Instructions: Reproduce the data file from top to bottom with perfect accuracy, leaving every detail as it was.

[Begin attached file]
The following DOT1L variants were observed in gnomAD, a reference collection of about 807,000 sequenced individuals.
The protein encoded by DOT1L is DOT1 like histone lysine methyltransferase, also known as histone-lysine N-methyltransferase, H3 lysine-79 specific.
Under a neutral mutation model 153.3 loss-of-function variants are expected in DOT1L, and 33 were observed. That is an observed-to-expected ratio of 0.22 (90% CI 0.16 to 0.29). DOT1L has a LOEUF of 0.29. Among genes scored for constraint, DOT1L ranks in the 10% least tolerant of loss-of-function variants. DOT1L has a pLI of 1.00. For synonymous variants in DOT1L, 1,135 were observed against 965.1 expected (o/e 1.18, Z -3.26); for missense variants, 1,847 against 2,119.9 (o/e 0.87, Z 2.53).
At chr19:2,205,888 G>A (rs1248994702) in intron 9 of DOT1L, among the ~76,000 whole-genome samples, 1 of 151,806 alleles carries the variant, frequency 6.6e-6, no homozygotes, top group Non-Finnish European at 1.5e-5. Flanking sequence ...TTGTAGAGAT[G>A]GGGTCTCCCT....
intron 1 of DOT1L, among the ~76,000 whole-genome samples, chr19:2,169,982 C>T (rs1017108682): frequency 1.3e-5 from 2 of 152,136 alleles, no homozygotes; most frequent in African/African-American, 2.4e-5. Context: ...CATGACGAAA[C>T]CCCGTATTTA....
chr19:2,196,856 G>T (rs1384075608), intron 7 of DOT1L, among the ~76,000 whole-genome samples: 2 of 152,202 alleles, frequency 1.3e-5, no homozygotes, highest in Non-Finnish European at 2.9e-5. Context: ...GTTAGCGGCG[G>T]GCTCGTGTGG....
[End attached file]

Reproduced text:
The following DOT1L variants were observed in gnomAD, a reference collection of about 807,000 sequenced individuals.
The protein encoded by DOT1L is DOT1 like histone lysine methyltransferase, also known as histone-lysine N-methyltransferase, H3 lysine-79 specific.
Under a neutral mutation model 153.3 loss-of-function variants are expected in DOT1L, and 33 were observed. That is an observed-to-expected ratio of 0.22 (90% CI 0.16 to 0.29). DOT1L has a LOEUF of 0.29. Among genes scored for constraint, DOT1L ranks in the 10% least tolerant of loss-of-function variants. DOT1L has a pLI of 1.00. For synonymous variants in DOT1L, 1,135 were observed against 965.1 expected (o/e 1.18, Z -3.26); for missense variants, 1,847 against 2,119.9 (o/e 0.87, Z 2.53).
At chr19:2,205,888 G>A (rs1248994702) in intron 9 of DOT1L, among the ~76,000 whole-genome samples, 1 of 151,806 alleles carries the variant, frequency 6.6e-6, no homozygotes, top group Non-Finnish European at 1.5e-5. Flanking sequence ...TTGTAGAGAT[G>A]GGGTCTCCCT....
intron 1 of DOT1L, among the ~76,000 whole-genome samples, chr19:2,169,982 C>T (rs1017108682): frequency 1.3e-5 from 2 of 152,136 alleles, no homozygotes; most frequent in African/African-American, 2.4e-5. Context: ...CATGACGAAA[C>T]CCCGTATTTA....
chr19:2,196,856 G>T (rs1384075608), intron 7 of DOT1L, among the ~76,000 whole-genome samples: 2 of 152,202 alleles, frequency 1.3e-5, no homozygotes, highest in Non-Finnish European at 2.9e-5. Context: ...GTTAGCGGCG[G>T]GCTCGTGTGG....